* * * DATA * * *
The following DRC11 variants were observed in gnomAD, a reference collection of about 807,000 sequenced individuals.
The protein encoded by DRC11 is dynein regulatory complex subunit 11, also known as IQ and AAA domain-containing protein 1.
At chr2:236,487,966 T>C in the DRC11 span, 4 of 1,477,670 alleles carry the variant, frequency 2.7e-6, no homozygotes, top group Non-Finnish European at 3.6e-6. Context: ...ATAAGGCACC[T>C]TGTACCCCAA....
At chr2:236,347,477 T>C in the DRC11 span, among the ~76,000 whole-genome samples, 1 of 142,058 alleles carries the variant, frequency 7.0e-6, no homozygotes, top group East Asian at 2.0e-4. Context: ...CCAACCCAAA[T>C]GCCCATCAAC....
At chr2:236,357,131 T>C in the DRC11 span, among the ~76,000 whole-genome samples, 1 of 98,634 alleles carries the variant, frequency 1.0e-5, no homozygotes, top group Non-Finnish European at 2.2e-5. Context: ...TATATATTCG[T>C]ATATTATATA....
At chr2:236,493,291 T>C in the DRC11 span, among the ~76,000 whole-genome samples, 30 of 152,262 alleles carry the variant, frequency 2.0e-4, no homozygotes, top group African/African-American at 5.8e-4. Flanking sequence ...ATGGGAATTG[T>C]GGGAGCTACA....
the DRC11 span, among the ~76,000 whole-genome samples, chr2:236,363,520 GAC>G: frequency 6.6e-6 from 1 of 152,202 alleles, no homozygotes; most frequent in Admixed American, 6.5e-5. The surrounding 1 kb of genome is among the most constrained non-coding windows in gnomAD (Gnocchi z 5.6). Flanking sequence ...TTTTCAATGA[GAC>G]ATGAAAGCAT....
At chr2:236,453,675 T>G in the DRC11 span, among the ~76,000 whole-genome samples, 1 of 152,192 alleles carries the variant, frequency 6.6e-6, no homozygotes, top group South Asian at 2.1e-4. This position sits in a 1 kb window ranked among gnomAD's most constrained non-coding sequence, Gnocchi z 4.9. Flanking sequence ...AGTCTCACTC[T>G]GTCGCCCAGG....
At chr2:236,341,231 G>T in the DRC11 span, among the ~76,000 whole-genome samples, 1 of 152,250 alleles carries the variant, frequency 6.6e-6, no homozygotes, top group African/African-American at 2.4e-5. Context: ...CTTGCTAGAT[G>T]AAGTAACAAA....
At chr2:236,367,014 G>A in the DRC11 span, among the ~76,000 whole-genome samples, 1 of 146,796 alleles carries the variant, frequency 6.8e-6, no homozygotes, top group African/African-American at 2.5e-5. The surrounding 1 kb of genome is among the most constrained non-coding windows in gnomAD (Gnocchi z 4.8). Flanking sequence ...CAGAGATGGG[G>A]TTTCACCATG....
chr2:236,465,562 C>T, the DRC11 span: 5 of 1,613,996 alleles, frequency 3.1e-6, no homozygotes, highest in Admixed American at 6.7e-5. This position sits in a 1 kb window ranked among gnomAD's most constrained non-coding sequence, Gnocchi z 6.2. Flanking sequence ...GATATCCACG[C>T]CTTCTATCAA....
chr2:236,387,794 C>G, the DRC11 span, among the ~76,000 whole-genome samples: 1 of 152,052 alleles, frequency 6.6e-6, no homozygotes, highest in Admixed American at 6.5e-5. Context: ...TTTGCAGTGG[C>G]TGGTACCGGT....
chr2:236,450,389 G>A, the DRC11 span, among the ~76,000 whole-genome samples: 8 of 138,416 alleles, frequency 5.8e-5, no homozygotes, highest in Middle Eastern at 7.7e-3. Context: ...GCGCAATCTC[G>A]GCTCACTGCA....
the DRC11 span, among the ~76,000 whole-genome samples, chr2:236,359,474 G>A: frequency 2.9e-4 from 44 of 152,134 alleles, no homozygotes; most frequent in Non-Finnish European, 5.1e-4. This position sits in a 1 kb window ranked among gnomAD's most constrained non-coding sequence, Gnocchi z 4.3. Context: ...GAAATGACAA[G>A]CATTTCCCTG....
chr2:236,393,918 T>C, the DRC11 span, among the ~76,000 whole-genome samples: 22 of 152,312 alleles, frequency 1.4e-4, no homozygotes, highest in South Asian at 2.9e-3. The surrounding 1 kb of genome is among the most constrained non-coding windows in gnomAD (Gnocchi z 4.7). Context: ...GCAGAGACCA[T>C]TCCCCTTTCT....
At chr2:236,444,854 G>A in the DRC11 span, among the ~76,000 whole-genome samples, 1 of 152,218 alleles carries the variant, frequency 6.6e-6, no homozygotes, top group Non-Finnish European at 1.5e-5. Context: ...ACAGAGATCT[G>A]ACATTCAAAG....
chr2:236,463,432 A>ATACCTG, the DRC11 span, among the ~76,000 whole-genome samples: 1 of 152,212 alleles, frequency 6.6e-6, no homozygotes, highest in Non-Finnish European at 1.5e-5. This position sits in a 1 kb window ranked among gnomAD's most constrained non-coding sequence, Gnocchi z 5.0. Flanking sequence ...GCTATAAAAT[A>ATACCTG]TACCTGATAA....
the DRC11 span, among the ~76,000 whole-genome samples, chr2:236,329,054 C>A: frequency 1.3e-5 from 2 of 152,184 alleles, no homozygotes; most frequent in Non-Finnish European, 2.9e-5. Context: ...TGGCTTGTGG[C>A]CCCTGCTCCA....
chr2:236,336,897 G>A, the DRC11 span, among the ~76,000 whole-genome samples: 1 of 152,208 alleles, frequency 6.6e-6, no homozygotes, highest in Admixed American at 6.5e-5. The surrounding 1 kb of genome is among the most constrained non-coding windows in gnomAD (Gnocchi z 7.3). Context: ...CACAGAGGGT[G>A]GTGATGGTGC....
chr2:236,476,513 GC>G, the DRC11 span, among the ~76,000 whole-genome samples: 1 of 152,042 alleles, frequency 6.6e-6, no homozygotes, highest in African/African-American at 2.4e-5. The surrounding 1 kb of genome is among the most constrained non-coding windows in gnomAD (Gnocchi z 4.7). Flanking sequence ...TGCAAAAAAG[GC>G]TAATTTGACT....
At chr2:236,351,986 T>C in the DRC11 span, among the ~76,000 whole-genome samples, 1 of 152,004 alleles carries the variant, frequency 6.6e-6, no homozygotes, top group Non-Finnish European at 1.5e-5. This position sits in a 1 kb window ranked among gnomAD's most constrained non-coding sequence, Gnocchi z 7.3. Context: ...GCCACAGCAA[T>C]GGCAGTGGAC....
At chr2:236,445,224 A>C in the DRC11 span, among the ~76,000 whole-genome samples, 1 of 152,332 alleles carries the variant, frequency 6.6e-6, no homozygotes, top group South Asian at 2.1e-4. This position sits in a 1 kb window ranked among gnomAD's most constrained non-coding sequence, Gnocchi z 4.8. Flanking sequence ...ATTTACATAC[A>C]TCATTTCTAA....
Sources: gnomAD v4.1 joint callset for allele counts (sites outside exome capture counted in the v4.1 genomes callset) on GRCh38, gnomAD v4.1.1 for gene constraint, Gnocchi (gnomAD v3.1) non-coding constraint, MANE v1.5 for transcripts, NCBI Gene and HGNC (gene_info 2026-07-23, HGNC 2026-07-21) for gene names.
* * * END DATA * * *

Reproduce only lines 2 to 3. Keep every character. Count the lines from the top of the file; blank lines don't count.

The protein encoded by DRC11 is dynein regulatory complex subunit 11, also known as IQ and AAA domain-containing protein 1.
At chr2:236,487,966 T>C in the DRC11 span, 4 of 1,477,670 alleles carry the variant, frequency 2.7e-6, no homozygotes, top group Non-Finnish European at 3.6e-6. Context: ...ATAAGGCACC[T>C]TGTACCCCAA....